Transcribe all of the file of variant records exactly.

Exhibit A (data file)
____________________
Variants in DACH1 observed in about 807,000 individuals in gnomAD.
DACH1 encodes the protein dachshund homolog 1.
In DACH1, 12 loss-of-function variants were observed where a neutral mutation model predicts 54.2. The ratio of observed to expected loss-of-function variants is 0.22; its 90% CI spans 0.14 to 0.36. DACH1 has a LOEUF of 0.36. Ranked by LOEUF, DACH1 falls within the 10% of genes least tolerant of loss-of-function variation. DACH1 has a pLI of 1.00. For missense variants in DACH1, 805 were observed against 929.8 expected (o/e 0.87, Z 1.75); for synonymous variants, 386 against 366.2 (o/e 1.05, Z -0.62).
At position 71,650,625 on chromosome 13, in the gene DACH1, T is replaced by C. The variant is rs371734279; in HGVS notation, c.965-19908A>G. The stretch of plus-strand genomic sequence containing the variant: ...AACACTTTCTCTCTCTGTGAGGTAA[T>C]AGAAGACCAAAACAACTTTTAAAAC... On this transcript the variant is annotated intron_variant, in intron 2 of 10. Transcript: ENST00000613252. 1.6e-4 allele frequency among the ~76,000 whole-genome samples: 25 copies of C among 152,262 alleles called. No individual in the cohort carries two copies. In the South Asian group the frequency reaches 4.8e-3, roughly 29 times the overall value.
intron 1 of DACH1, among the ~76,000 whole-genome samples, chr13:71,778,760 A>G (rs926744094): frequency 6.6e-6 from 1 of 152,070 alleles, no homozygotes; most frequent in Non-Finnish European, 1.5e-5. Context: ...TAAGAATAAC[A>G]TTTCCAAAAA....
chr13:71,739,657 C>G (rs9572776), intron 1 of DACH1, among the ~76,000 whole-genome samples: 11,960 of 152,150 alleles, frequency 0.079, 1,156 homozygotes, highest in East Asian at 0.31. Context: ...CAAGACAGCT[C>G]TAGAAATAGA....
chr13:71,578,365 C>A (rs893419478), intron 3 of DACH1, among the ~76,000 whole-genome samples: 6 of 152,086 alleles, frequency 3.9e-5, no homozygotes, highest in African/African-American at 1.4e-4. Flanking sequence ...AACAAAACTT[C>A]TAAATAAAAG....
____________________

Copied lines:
Variants in DACH1 observed in about 807,000 individuals in gnomAD.
DACH1 encodes the protein dachshund homolog 1.
In DACH1, 12 loss-of-function variants were observed where a neutral mutation model predicts 54.2. The ratio of observed to expected loss-of-function variants is 0.22; its 90% CI spans 0.14 to 0.36. DACH1 has a LOEUF of 0.36. Ranked by LOEUF, DACH1 falls within the 10% of genes least tolerant of loss-of-function variation. DACH1 has a pLI of 1.00. For missense variants in DACH1, 805 were observed against 929.8 expected (o/e 0.87, Z 1.75); for synonymous variants, 386 against 366.2 (o/e 1.05, Z -0.62).
At position 71,650,625 on chromosome 13, in the gene DACH1, T is replaced by C. The variant is rs371734279; in HGVS notation, c.965-19908A>G. The stretch of plus-strand genomic sequence containing the variant: ...AACACTTTCTCTCTCTGTGAGGTAA[T>C]AGAAGACCAAAACAACTTTTAAAAC... On this transcript the variant is annotated intron_variant, in intron 2 of 10. Transcript: ENST00000613252. 1.6e-4 allele frequency among the ~76,000 whole-genome samples: 25 copies of C among 152,262 alleles called. No individual in the cohort carries two copies. In the South Asian group the frequency reaches 4.8e-3, roughly 29 times the overall value.
intron 1 of DACH1, among the ~76,000 whole-genome samples, chr13:71,778,760 A>G (rs926744094): frequency 6.6e-6 from 1 of 152,070 alleles, no homozygotes; most frequent in Non-Finnish European, 1.5e-5. Context: ...TAAGAATAAC[A>G]TTTCCAAAAA....
chr13:71,739,657 C>G (rs9572776), intron 1 of DACH1, among the ~76,000 whole-genome samples: 11,960 of 152,150 alleles, frequency 0.079, 1,156 homozygotes, highest in East Asian at 0.31. Context: ...CAAGACAGCT[C>G]TAGAAATAGA....
chr13:71,578,365 C>A (rs893419478), intron 3 of DACH1, among the ~76,000 whole-genome samples: 6 of 152,086 alleles, frequency 3.9e-5, no homozygotes, highest in African/African-American at 1.4e-4. Flanking sequence ...AACAAAACTT[C>A]TAAATAAAAG....